What lies beneath trait-anxiety? Testing the Self-regulatory Executive Function Model of Vulnerability
Journal article, Peer reviewed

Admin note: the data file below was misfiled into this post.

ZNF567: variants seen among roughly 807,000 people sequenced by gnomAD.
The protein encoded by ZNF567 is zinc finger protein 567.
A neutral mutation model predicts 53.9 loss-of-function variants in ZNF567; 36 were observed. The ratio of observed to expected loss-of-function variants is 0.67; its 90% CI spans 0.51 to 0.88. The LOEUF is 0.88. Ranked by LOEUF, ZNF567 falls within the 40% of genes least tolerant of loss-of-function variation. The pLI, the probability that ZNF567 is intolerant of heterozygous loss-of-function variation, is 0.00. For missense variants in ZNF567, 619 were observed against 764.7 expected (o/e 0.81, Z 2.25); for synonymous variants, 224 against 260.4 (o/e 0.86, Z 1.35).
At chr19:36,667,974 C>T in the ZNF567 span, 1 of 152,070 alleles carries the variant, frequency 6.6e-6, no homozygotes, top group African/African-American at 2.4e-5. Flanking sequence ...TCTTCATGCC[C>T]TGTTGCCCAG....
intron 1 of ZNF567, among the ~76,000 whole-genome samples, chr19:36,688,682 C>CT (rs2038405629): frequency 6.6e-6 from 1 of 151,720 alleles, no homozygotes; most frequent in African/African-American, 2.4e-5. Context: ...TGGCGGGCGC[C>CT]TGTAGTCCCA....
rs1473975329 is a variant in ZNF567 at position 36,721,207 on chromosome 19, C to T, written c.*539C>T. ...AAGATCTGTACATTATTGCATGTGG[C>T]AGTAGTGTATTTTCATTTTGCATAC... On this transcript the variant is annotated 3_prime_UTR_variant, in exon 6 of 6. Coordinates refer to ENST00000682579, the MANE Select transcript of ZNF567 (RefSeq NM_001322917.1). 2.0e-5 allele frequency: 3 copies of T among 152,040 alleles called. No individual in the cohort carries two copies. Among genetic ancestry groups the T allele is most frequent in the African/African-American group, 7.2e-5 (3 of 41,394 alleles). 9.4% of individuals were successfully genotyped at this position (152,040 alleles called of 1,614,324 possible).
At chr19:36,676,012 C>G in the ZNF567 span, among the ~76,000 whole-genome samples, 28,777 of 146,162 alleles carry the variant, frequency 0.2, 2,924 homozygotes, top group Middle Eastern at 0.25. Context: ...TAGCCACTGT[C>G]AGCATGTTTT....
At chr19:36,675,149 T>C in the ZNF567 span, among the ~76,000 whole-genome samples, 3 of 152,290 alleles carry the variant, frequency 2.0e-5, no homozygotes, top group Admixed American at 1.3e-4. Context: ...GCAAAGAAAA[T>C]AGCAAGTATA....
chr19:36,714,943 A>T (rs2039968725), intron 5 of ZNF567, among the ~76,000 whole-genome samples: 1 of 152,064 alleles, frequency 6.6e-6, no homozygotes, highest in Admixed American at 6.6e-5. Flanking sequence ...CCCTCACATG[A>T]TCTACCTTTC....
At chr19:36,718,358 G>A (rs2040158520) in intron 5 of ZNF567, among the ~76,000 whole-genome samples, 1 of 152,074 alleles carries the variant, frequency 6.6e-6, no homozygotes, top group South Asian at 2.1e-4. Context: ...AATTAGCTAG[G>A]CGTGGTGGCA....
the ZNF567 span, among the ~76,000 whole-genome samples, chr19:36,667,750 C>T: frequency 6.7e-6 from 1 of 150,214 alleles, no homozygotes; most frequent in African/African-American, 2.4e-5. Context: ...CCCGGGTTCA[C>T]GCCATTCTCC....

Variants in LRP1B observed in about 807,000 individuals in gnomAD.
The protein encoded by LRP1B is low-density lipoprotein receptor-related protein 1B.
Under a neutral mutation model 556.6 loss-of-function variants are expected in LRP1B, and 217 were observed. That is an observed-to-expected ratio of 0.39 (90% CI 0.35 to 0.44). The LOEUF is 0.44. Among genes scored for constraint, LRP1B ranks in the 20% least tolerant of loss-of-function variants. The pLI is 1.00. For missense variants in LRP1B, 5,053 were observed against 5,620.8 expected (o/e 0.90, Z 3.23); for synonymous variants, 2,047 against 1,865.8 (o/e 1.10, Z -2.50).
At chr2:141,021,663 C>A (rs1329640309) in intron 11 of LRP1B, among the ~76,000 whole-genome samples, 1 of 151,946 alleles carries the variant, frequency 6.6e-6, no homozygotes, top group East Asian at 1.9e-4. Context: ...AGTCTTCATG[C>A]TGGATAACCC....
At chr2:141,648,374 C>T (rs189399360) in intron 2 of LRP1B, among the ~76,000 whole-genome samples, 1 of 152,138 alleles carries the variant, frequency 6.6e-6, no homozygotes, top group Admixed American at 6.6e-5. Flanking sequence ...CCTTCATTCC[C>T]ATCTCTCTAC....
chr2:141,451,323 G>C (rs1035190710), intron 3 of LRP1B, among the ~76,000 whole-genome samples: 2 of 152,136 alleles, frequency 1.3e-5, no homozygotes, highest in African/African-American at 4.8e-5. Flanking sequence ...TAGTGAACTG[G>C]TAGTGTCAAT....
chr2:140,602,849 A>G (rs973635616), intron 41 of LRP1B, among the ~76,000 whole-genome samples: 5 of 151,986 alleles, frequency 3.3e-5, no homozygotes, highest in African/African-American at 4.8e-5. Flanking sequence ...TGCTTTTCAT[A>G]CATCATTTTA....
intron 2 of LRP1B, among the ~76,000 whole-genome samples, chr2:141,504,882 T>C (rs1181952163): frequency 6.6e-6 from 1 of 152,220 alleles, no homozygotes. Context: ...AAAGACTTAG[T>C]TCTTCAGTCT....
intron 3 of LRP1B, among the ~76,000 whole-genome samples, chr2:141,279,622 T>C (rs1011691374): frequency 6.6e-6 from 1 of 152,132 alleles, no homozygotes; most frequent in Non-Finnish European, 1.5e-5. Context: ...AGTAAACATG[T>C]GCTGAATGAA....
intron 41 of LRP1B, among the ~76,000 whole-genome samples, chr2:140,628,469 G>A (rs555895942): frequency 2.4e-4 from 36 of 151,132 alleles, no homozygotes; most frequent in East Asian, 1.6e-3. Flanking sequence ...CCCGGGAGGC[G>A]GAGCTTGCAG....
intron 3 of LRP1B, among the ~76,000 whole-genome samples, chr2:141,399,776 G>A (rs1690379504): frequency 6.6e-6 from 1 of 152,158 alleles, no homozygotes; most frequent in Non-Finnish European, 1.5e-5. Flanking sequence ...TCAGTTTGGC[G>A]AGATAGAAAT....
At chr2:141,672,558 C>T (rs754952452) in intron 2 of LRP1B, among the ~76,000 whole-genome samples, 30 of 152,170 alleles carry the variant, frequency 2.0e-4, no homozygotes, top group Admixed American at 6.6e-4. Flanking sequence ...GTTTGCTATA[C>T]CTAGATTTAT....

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Vulnerability to psychological disorder can be assessed with constructs such as trait anxiety and neuroticism which among others are transdiagnostic risk factors. However, trait-anxiety and related concepts have been criticised because they don’t illuminate the etiological mechanisms of psychopathology. In contrast, the metacognitive (S-REF) model offers a framework in which metacognitive knowledge conceptualised in trait terms is part of a core mechanism underlying trait-anxiety and related constructs. The present study therefore set out to explore metacognitions as potential underlying factors in trait-anxiety (the propensity to depression and anxiety). Nine hundred and eighty two participants completed self-report measures of metacognitions and trait-anxiety at time 1, and 425 individuals completed the same measures 8 weeks later. At the cross-sectional level, metacognitions accounted for 83% of the variance in anxiety- and 64% of depression propensity. Furthermore, despite both domains of trait-anxiety showing high stability over time, negative- and positive metacognitive beliefs were significant prospective predictors of both domains of vulnerability. These findings suggests that metacognitive beliefs may be an underlying mechanism of vulnerability attributed to trait-anxiety with the implication that the metacognitive (S-REF) model informs conceptualization of psychological vulnerability, and that metacognitive therapy applications might be employed to enhance psychological resilience.